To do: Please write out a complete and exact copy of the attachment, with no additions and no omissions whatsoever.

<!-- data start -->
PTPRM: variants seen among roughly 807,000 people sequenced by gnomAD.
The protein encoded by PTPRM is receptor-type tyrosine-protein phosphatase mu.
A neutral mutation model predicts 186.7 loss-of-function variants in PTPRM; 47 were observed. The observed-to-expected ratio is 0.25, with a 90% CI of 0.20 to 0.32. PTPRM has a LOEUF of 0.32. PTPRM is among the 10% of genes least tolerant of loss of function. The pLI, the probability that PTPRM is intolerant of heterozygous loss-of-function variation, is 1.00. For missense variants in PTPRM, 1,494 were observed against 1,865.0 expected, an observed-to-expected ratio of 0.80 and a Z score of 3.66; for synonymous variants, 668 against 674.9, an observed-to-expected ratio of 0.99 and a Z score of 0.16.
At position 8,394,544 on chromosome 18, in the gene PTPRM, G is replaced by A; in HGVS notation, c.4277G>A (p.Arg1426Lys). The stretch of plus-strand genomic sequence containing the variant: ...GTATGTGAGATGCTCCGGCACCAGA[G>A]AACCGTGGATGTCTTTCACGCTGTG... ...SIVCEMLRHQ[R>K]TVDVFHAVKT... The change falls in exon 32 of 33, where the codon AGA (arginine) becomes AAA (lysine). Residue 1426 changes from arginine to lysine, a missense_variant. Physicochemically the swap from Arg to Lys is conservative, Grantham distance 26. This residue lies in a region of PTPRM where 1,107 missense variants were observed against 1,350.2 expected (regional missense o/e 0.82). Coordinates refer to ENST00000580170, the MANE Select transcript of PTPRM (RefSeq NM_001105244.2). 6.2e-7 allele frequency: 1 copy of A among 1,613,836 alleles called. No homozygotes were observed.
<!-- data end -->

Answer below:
PTPRM: variants seen among roughly 807,000 people sequenced by gnomAD.
The protein encoded by PTPRM is receptor-type tyrosine-protein phosphatase mu.
A neutral mutation model predicts 186.7 loss-of-function variants in PTPRM; 47 were observed. The observed-to-expected ratio is 0.25, with a 90% CI of 0.20 to 0.32. PTPRM has a LOEUF of 0.32. PTPRM is among the 10% of genes least tolerant of loss of function. The pLI, the probability that PTPRM is intolerant of heterozygous loss-of-function variation, is 1.00. For missense variants in PTPRM, 1,494 were observed against 1,865.0 expected, an observed-to-expected ratio of 0.80 and a Z score of 3.66; for synonymous variants, 668 against 674.9, an observed-to-expected ratio of 0.99 and a Z score of 0.16.
At position 8,394,544 on chromosome 18, in the gene PTPRM, G is replaced by A; in HGVS notation, c.4277G>A (p.Arg1426Lys). The stretch of plus-strand genomic sequence containing the variant: ...GTATGTGAGATGCTCCGGCACCAGA[G>A]AACCGTGGATGTCTTTCACGCTGTG... ...SIVCEMLRHQ[R>K]TVDVFHAVKT... The change falls in exon 32 of 33, where the codon AGA (arginine) becomes AAA (lysine). Residue 1426 changes from arginine to lysine, a missense_variant. Physicochemically the swap from Arg to Lys is conservative, Grantham distance 26. This residue lies in a region of PTPRM where 1,107 missense variants were observed against 1,350.2 expected (regional missense o/e 0.82). Coordinates refer to ENST00000580170, the MANE Select transcript of PTPRM (RefSeq NM_001105244.2). 6.2e-7 allele frequency: 1 copy of A among 1,613,836 alleles called. No homozygotes were observed.